The Evolving Multilayered Global Financial Safety Net: The Case of the Association of Southeast Asian Nations+3 Regional Financial Safety Net and the International Monetary Fund
The Association of Southeast Asian Nations (ASEAN)+3 regional financial safety net (RFSN) is unlikely to prevent and manage crises. It needs more structured cooperation with the International Monetary Fund (IMF).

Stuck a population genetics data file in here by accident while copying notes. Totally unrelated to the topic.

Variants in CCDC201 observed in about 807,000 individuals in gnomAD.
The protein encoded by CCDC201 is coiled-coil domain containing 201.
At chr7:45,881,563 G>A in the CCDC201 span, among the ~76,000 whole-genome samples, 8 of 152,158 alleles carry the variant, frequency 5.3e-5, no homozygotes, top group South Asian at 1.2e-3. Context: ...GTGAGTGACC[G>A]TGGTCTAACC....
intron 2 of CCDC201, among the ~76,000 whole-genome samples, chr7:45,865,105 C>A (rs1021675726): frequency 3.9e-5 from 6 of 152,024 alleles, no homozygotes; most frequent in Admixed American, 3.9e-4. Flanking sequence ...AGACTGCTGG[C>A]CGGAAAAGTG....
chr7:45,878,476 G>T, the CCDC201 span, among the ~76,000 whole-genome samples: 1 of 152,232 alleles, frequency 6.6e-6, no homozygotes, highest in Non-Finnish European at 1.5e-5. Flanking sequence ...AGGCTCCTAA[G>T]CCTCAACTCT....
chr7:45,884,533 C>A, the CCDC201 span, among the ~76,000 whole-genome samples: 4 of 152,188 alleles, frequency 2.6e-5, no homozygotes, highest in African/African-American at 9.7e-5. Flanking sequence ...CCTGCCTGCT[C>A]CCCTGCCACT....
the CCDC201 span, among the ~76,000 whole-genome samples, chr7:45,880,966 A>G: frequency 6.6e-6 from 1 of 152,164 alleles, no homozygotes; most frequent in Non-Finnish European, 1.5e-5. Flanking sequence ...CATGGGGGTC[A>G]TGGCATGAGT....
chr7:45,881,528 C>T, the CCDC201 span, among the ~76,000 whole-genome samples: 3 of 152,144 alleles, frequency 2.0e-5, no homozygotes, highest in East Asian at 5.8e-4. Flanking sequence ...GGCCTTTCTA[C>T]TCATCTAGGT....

We argue that in the aftermath of the global economic crisis, the centralized international monetary architecture or the global financial safety net set up at the Bretton Woods conference is evolving towards a more decentralized, multilayered safety net comprising (i) the G20 at the apex as an overarching institution, (ii) multilateral financial safety nets established under the auspices of the IMF, (iii) bilateral financial safety nets among central banks, (iv) RFSNs established in various regions of the world, and (v) national financial safety nets or reserve accumulation by individual countries. The most significant factor explaining this evolution is financial globalization and the increased incidence of capital account crises. As in many other regions of the world, Asia has established the ASEAN+3 RFSN, comprising the Chiang Mai Initiative Multilateralization (CMIM) and ASEAN+3 Macroeconomic Research Office (AMRO), for crisis prevention and management. The ASEAN+3 RFSN seeks to complement the IMF. However, because of its ad hoc nature, relatively small size, and cumbersome disbursement procedures, it is unlikely that this facility will be utilized when the next financial crisis hits the region. Based on Europe’s experience with RFSN and IMF cooperation, we make the case for a more structured form of cooperation between the ASEAN+3 RFSN and the IMF. Our proposal, together with the recent upgrading of AMRO to an international organization, could greatly enhance the effectiveness of the ASEAN+3 RFSN.